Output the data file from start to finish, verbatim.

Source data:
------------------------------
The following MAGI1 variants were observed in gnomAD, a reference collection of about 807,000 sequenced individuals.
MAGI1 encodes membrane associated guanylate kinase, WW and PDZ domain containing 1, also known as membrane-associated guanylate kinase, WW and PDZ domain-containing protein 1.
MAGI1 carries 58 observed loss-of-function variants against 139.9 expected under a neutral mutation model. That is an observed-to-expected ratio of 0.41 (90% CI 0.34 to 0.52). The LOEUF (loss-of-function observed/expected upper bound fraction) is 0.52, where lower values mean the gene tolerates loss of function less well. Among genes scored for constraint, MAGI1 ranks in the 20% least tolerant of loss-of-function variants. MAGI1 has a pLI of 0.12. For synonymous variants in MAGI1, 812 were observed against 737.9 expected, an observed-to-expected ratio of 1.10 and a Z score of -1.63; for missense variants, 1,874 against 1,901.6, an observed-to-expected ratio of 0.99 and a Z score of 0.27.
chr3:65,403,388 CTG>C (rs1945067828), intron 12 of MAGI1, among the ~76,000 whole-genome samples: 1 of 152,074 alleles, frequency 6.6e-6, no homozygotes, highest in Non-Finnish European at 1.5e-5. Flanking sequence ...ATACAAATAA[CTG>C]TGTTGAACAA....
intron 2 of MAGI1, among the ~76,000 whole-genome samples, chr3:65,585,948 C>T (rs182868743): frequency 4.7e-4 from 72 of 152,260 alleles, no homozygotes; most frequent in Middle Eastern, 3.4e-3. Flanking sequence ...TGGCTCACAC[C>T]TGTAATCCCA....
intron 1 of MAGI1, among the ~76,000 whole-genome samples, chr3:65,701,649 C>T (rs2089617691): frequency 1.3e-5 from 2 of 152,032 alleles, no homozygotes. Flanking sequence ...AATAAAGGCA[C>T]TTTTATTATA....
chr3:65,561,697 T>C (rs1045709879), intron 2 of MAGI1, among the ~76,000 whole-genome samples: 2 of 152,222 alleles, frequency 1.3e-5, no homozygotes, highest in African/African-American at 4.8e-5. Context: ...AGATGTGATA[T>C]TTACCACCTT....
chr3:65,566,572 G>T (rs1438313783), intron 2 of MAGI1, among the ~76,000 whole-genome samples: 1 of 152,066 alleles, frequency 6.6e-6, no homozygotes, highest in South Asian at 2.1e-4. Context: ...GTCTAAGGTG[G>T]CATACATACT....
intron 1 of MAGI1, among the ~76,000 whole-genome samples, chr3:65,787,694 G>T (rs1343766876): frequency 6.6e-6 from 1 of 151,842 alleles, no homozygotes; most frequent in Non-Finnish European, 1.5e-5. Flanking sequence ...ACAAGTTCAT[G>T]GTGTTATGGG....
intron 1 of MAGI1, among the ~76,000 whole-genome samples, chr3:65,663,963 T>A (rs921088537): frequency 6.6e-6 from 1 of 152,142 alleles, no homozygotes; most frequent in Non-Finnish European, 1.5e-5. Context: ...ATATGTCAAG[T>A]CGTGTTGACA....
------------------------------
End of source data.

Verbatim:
The following MAGI1 variants were observed in gnomAD, a reference collection of about 807,000 sequenced individuals.
MAGI1 encodes membrane associated guanylate kinase, WW and PDZ domain containing 1, also known as membrane-associated guanylate kinase, WW and PDZ domain-containing protein 1.
MAGI1 carries 58 observed loss-of-function variants against 139.9 expected under a neutral mutation model. That is an observed-to-expected ratio of 0.41 (90% CI 0.34 to 0.52). The LOEUF (loss-of-function observed/expected upper bound fraction) is 0.52, where lower values mean the gene tolerates loss of function less well. Among genes scored for constraint, MAGI1 ranks in the 20% least tolerant of loss-of-function variants. MAGI1 has a pLI of 0.12. For synonymous variants in MAGI1, 812 were observed against 737.9 expected, an observed-to-expected ratio of 1.10 and a Z score of -1.63; for missense variants, 1,874 against 1,901.6, an observed-to-expected ratio of 0.99 and a Z score of 0.27.
chr3:65,403,388 CTG>C (rs1945067828), intron 12 of MAGI1, among the ~76,000 whole-genome samples: 1 of 152,074 alleles, frequency 6.6e-6, no homozygotes, highest in Non-Finnish European at 1.5e-5. Flanking sequence ...ATACAAATAA[CTG>C]TGTTGAACAA....
intron 2 of MAGI1, among the ~76,000 whole-genome samples, chr3:65,585,948 C>T (rs182868743): frequency 4.7e-4 from 72 of 152,260 alleles, no homozygotes; most frequent in Middle Eastern, 3.4e-3. Flanking sequence ...TGGCTCACAC[C>T]TGTAATCCCA....
intron 1 of MAGI1, among the ~76,000 whole-genome samples, chr3:65,701,649 C>T (rs2089617691): frequency 1.3e-5 from 2 of 152,032 alleles, no homozygotes. Flanking sequence ...AATAAAGGCA[C>T]TTTTATTATA....
chr3:65,561,697 T>C (rs1045709879), intron 2 of MAGI1, among the ~76,000 whole-genome samples: 2 of 152,222 alleles, frequency 1.3e-5, no homozygotes, highest in African/African-American at 4.8e-5. Context: ...AGATGTGATA[T>C]TTACCACCTT....
chr3:65,566,572 G>T (rs1438313783), intron 2 of MAGI1, among the ~76,000 whole-genome samples: 1 of 152,066 alleles, frequency 6.6e-6, no homozygotes, highest in South Asian at 2.1e-4. Context: ...GTCTAAGGTG[G>T]CATACATACT....
intron 1 of MAGI1, among the ~76,000 whole-genome samples, chr3:65,787,694 G>T (rs1343766876): frequency 6.6e-6 from 1 of 151,842 alleles, no homozygotes; most frequent in Non-Finnish European, 1.5e-5. Flanking sequence ...ACAAGTTCAT[G>T]GTGTTATGGG....
intron 1 of MAGI1, among the ~76,000 whole-genome samples, chr3:65,663,963 T>A (rs921088537): frequency 6.6e-6 from 1 of 152,142 alleles, no homozygotes; most frequent in Non-Finnish European, 1.5e-5. Context: ...ATATGTCAAG[T>A]CGTGTTGACA....